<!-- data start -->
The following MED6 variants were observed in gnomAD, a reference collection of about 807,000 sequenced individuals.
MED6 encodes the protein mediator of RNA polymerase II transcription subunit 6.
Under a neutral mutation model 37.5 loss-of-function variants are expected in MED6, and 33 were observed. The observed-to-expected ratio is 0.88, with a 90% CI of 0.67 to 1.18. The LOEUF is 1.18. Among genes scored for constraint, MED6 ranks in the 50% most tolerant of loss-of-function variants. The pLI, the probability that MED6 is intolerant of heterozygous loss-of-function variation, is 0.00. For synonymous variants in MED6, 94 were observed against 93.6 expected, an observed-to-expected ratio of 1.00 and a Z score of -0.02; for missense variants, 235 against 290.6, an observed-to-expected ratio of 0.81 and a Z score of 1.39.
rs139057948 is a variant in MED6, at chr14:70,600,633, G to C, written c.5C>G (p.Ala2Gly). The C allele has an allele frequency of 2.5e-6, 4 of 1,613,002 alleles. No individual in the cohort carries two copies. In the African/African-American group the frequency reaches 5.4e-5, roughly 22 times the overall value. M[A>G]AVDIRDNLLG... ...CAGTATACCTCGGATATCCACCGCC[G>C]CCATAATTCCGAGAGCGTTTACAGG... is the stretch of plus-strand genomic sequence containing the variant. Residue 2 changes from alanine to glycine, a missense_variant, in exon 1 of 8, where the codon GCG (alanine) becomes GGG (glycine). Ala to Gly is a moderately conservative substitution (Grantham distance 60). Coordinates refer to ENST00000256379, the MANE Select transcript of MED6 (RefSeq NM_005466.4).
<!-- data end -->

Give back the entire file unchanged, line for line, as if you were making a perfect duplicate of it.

The following MED6 variants were observed in gnomAD, a reference collection of about 807,000 sequenced individuals.
MED6 encodes the protein mediator of RNA polymerase II transcription subunit 6.
Under a neutral mutation model 37.5 loss-of-function variants are expected in MED6, and 33 were observed. The observed-to-expected ratio is 0.88, with a 90% CI of 0.67 to 1.18. The LOEUF is 1.18. Among genes scored for constraint, MED6 ranks in the 50% most tolerant of loss-of-function variants. The pLI, the probability that MED6 is intolerant of heterozygous loss-of-function variation, is 0.00. For synonymous variants in MED6, 94 were observed against 93.6 expected, an observed-to-expected ratio of 1.00 and a Z score of -0.02; for missense variants, 235 against 290.6, an observed-to-expected ratio of 0.81 and a Z score of 1.39.
rs139057948 is a variant in MED6, at chr14:70,600,633, G to C, written c.5C>G (p.Ala2Gly). The C allele has an allele frequency of 2.5e-6, 4 of 1,613,002 alleles. No individual in the cohort carries two copies. In the African/African-American group the frequency reaches 5.4e-5, roughly 22 times the overall value. M[A>G]AVDIRDNLLG... ...CAGTATACCTCGGATATCCACCGCC[G>C]CCATAATTCCGAGAGCGTTTACAGG... is the stretch of plus-strand genomic sequence containing the variant. Residue 2 changes from alanine to glycine, a missense_variant, in exon 1 of 8, where the codon GCG (alanine) becomes GGG (glycine). Ala to Gly is a moderately conservative substitution (Grantham distance 60). Coordinates refer to ENST00000256379, the MANE Select transcript of MED6 (RefSeq NM_005466.4).